The Ultimate Guide for the History of Money

History of Money

If we think about the money that we use everyday, it essentially symbolizes a value that other people recognize. The value of money is always dependent on how other people perceive it. Imagine being stranded on a desert island with a million dollars in cash. Since there is nobody else around, it would actually be rather worthless. Suppose there was a native tribe on the island. Offering them a million dollars in paper money would likely be scoffed, since it poses no real value to them. On the other hand, offering them a large amount of food in trade for other goods might easily be more welcomed. In this article, we explore the history and evolution of money, from its earliest roots to the digital versions we use today.

Bartering

Before money, as we recognize it today, was ever created, people used a bartering system to exchange goods. Bartering can be tricky to pin down, since the value of goods exchanged is not always equal or exact. For example, suppose a farmer suggested trading milk for some cloth from a tailor. How would they agree exactly how much milk would be equal to a bolt of silk? In many bartering situations, it was highly likely that one person in the transaction was not receiving the true value of the goods that they were trading for. Eventually people recognized this problem and turned to a more standardized solution: money.

Early Forms of Money

Before modern forms of money came into use, people relied on units of weight to solve their trading problems. The Mesopotamians introduced this concept via the shekel. For example, a certain amount of grain might be equivalent to a predetermined amount of gold or other precious metals.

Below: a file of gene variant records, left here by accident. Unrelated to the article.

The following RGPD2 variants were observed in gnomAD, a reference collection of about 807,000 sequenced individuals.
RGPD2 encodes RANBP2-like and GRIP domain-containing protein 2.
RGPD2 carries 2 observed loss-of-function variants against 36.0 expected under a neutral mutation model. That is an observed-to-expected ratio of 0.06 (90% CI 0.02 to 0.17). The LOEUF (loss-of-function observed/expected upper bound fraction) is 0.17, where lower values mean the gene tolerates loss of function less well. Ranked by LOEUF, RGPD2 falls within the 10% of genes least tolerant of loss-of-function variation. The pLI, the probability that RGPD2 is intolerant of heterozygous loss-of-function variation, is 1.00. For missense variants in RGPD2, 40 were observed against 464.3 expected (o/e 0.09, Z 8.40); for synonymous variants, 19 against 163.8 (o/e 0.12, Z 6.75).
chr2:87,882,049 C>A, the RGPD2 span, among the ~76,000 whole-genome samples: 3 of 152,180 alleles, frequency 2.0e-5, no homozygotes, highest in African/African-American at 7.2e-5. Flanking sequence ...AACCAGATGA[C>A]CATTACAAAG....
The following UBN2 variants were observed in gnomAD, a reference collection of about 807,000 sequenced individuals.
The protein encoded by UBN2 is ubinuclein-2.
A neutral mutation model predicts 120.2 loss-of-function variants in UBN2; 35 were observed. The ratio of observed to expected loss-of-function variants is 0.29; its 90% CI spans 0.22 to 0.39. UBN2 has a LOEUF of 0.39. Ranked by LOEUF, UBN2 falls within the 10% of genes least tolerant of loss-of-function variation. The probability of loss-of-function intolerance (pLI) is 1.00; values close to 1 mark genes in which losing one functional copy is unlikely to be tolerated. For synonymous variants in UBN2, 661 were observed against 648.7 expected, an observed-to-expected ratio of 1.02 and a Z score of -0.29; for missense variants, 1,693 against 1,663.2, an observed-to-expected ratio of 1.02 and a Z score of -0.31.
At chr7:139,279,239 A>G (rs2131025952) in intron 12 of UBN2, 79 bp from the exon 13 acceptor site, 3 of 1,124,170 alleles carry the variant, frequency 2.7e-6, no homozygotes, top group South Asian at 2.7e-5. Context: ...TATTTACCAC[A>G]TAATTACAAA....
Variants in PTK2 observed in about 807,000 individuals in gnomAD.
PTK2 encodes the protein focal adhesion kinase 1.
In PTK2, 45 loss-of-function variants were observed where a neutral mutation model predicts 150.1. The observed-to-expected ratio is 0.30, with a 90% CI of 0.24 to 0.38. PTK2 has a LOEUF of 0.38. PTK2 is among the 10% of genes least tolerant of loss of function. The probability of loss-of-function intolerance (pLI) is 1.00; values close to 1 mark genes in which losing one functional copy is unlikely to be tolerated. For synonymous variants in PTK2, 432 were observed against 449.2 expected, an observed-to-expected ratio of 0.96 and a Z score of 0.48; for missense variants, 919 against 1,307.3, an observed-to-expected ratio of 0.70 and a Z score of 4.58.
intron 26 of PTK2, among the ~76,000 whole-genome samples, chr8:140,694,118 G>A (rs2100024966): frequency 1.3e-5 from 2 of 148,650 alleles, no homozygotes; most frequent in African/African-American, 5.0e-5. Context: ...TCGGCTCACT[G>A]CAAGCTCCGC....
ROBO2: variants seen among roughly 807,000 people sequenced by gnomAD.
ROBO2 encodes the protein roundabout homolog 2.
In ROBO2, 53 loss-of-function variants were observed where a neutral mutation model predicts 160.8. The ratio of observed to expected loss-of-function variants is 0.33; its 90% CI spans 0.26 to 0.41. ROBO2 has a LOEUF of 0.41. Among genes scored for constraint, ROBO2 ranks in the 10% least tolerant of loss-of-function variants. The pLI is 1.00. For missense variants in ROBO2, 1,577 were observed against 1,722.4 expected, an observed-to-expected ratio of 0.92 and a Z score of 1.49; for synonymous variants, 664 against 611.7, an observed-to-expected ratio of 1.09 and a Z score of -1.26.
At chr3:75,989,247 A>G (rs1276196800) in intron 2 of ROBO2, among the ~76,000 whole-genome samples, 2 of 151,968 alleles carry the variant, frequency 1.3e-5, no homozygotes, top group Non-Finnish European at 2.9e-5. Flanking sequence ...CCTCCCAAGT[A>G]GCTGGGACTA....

Commodity Currency

In its earliest incarnation, money was not made from paper or even metal. Instead, it was represented as tokens or goods that were widely regarded as having a high value. A famous example is cowrie shells. It was much more convenient to trade a handful of shells rather than a herd of cattle or baskets of food. Eventually, people in China began to create metal versions of cowrie shells, and this is considered to be the earliest types of coins. Later on it evolved into flat, round coins with a hole through the middle. Several coins could be linked together on a length of thread or cord and worn by a person. There are still some coins around the world that feature a hole in the middle. Commodity currency allowed people to trade for perceived value rather than goods. For example, a person might want to buy a farmer's crop in advance. If he has no goods to trade, he could use money, or a commodity currency, to buy the crop. This would be useful to the farmer, since money does not spoil or rot; instead it retains its value year round.

Paper Money

Once again, when it comes to paper money, China is known to have produced the first versions. They used it for hundreds of years, with the value varying drastically during that time, before the concept was introduced to Europe. Later on, paper money was used in Europe as a form of credit note. For example, a person could pay for goods with a paper note that promised a certain sum at a later date. In the early days, people would actually handwrite their monetary promises on specially issued paper from the bank. Later on, the bank simply printed it themselves and issued these banknotes to the public.

Gold Backing

In 1816, England introduced gold as their currency's standard of value. It was evolved from the practice of money lenders, merchants, and other money exchangers who kept enormous amounts of gold in banks for safety. Using gold as currency value meant that each banknote symbolized a certain amount of gold. The same practice reached the United States in 1900, leading to the birth of the central bank.

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